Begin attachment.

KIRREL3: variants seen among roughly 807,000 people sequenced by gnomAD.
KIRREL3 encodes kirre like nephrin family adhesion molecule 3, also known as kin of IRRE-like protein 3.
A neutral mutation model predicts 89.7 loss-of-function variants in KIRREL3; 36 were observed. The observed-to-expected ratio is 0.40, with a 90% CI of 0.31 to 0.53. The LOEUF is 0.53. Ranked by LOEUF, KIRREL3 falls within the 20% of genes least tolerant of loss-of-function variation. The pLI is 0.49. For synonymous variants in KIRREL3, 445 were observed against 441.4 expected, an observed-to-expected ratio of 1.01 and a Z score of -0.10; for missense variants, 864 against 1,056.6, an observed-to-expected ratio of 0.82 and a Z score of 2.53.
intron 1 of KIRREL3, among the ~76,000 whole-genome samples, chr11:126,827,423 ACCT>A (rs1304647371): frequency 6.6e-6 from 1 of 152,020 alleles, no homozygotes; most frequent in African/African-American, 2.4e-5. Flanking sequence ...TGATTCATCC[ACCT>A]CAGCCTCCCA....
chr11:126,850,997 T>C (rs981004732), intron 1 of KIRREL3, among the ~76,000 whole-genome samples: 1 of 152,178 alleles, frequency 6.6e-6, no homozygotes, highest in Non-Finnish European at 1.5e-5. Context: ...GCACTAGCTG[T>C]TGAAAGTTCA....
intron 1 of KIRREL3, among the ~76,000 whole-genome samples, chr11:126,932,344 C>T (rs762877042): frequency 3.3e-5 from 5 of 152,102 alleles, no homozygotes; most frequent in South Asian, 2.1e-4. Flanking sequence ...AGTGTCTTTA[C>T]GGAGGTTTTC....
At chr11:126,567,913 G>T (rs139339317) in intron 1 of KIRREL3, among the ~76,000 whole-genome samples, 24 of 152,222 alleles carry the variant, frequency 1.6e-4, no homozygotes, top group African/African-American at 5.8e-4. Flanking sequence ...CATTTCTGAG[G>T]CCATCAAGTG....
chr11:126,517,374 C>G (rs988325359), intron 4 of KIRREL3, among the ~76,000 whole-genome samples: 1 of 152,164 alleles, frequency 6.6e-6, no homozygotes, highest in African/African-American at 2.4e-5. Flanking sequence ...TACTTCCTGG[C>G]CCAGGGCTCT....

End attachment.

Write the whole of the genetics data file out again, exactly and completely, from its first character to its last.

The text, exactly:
KIRREL3: variants seen among roughly 807,000 people sequenced by gnomAD.
KIRREL3 encodes kirre like nephrin family adhesion molecule 3, also known as kin of IRRE-like protein 3.
A neutral mutation model predicts 89.7 loss-of-function variants in KIRREL3; 36 were observed. The observed-to-expected ratio is 0.40, with a 90% CI of 0.31 to 0.53. The LOEUF is 0.53. Ranked by LOEUF, KIRREL3 falls within the 20% of genes least tolerant of loss-of-function variation. The pLI is 0.49. For synonymous variants in KIRREL3, 445 were observed against 441.4 expected, an observed-to-expected ratio of 1.01 and a Z score of -0.10; for missense variants, 864 against 1,056.6, an observed-to-expected ratio of 0.82 and a Z score of 2.53.
intron 1 of KIRREL3, among the ~76,000 whole-genome samples, chr11:126,827,423 ACCT>A (rs1304647371): frequency 6.6e-6 from 1 of 152,020 alleles, no homozygotes; most frequent in African/African-American, 2.4e-5. Flanking sequence ...TGATTCATCC[ACCT>A]CAGCCTCCCA....
chr11:126,850,997 T>C (rs981004732), intron 1 of KIRREL3, among the ~76,000 whole-genome samples: 1 of 152,178 alleles, frequency 6.6e-6, no homozygotes, highest in Non-Finnish European at 1.5e-5. Context: ...GCACTAGCTG[T>C]TGAAAGTTCA....
intron 1 of KIRREL3, among the ~76,000 whole-genome samples, chr11:126,932,344 C>T (rs762877042): frequency 3.3e-5 from 5 of 152,102 alleles, no homozygotes; most frequent in South Asian, 2.1e-4. Flanking sequence ...AGTGTCTTTA[C>T]GGAGGTTTTC....
At chr11:126,567,913 G>T (rs139339317) in intron 1 of KIRREL3, among the ~76,000 whole-genome samples, 24 of 152,222 alleles carry the variant, frequency 1.6e-4, no homozygotes, top group African/African-American at 5.8e-4. Flanking sequence ...CATTTCTGAG[G>T]CCATCAAGTG....
chr11:126,517,374 C>G (rs988325359), intron 4 of KIRREL3, among the ~76,000 whole-genome samples: 1 of 152,164 alleles, frequency 6.6e-6, no homozygotes, highest in African/African-American at 2.4e-5. Flanking sequence ...TACTTCCTGG[C>G]CCAGGGCTCT....